Food crisis, food production and poverty

https://doi.org/10.17221/91/2011-AGRICECONCitation:Grófová Š., Srnec K. (2012):   Food crisis, food production and poverty. Agric. Econ. – Czech, 58: 119-126.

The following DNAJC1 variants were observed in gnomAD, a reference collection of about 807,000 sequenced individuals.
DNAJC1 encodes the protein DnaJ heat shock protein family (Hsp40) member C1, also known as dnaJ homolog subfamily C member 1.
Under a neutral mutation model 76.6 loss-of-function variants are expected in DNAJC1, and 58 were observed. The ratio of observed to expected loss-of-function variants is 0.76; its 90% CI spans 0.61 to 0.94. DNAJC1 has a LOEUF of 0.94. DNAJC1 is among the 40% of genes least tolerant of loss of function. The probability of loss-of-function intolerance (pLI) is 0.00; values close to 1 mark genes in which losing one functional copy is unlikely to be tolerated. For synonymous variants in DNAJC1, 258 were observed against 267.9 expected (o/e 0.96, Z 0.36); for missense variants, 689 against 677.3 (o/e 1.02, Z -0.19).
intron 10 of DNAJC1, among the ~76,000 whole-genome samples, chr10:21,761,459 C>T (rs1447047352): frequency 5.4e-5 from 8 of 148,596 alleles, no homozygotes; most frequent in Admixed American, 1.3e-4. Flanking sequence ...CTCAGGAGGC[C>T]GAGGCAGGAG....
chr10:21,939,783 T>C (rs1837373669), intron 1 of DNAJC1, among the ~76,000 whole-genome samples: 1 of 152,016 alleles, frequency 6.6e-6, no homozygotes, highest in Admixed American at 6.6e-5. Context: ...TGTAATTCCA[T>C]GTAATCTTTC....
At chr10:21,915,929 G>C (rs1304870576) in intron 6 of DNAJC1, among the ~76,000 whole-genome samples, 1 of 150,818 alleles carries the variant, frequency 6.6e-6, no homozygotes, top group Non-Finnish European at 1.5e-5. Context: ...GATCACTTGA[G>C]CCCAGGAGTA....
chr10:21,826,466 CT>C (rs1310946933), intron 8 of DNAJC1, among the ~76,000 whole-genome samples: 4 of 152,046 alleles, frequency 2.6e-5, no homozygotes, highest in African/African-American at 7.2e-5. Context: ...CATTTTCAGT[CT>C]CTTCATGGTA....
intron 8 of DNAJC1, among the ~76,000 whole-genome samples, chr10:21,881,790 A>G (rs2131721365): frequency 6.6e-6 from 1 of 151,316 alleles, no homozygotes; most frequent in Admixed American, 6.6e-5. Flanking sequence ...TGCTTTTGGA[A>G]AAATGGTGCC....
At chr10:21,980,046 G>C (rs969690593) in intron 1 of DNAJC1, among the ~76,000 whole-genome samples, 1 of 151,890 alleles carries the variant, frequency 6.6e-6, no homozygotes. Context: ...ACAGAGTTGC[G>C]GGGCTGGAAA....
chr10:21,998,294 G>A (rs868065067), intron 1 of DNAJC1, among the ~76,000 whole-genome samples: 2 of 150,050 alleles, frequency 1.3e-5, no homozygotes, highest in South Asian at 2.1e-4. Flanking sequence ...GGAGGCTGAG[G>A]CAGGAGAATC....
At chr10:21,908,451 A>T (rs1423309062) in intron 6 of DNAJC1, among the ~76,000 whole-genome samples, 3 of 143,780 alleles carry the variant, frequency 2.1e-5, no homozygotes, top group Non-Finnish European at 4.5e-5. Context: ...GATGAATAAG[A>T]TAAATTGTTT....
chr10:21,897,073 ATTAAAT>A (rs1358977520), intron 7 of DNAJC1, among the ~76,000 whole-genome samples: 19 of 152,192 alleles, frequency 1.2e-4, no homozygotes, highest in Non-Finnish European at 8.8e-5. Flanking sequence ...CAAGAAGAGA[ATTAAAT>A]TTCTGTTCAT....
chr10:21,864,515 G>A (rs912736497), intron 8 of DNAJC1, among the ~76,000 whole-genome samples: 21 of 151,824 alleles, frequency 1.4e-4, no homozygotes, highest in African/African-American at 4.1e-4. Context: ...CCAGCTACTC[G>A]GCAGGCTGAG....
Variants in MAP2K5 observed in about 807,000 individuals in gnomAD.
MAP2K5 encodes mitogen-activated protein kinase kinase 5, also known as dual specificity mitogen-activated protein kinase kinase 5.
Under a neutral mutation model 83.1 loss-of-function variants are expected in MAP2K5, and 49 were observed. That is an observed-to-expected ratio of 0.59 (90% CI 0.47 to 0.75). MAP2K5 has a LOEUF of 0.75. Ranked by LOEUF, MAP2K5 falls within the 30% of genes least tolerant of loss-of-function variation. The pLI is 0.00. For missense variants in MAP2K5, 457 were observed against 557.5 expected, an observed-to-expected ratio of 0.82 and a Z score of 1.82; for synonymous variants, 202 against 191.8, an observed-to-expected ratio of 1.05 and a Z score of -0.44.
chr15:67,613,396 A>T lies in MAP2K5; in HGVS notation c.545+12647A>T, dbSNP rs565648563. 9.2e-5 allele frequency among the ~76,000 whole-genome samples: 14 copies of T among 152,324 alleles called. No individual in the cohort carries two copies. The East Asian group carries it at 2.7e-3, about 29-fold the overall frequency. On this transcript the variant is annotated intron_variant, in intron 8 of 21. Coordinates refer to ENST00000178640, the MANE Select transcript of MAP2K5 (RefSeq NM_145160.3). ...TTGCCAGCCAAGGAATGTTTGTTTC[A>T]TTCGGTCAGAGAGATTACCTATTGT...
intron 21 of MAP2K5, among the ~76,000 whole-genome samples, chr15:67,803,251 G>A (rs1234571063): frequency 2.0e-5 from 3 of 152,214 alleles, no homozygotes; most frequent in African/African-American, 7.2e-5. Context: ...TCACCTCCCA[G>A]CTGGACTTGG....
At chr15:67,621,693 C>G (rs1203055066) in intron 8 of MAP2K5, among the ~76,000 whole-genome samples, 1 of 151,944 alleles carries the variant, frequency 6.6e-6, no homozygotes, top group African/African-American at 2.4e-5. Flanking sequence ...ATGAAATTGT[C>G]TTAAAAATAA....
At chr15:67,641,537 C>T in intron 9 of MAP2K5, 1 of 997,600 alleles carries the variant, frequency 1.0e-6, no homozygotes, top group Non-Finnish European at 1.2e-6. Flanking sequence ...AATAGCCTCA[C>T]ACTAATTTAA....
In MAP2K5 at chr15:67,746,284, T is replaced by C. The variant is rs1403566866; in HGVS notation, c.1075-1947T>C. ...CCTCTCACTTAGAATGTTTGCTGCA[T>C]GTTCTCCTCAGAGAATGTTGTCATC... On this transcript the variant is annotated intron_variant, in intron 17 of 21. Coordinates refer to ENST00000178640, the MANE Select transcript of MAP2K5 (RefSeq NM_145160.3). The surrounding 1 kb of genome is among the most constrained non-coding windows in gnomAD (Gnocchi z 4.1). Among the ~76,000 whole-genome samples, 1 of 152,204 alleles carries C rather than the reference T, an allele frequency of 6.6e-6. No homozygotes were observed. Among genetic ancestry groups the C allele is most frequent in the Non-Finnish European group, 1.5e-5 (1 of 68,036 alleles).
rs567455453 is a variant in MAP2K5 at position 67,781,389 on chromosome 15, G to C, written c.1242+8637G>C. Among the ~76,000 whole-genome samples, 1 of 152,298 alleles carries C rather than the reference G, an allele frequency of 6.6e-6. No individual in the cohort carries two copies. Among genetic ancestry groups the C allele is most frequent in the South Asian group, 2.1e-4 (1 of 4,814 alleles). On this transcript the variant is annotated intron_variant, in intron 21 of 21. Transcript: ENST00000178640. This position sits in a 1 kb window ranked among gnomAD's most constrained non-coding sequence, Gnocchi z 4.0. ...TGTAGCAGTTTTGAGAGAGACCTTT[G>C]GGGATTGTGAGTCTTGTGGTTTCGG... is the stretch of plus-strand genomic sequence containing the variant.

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There is a sufficient global potential to produce the food required to feed the world population on the global level. Despite this, the number of hungry people worldwide was 925 million in 2010. Developing countries account for 98% of the world undernourished people and have a prevalence of undernourishment of 16%. Food security increasingly depends on non-agricultural factors like energy, trade and finance. The negative economic and social impacts of food, energy and the global economic and financial crises showed the vulnerability to poverty. High and rising food prices further undermined the food security and threatened the livelihoods of the most vulnerable by decreasing their already limited purchasing power. The main step in reducing poverty and hunger in developing countries is to invest in agriculture and rural development. Scaled-up investments in social protection that focus on nutrition and health are also crucial for improving the lives of the poorest people.  
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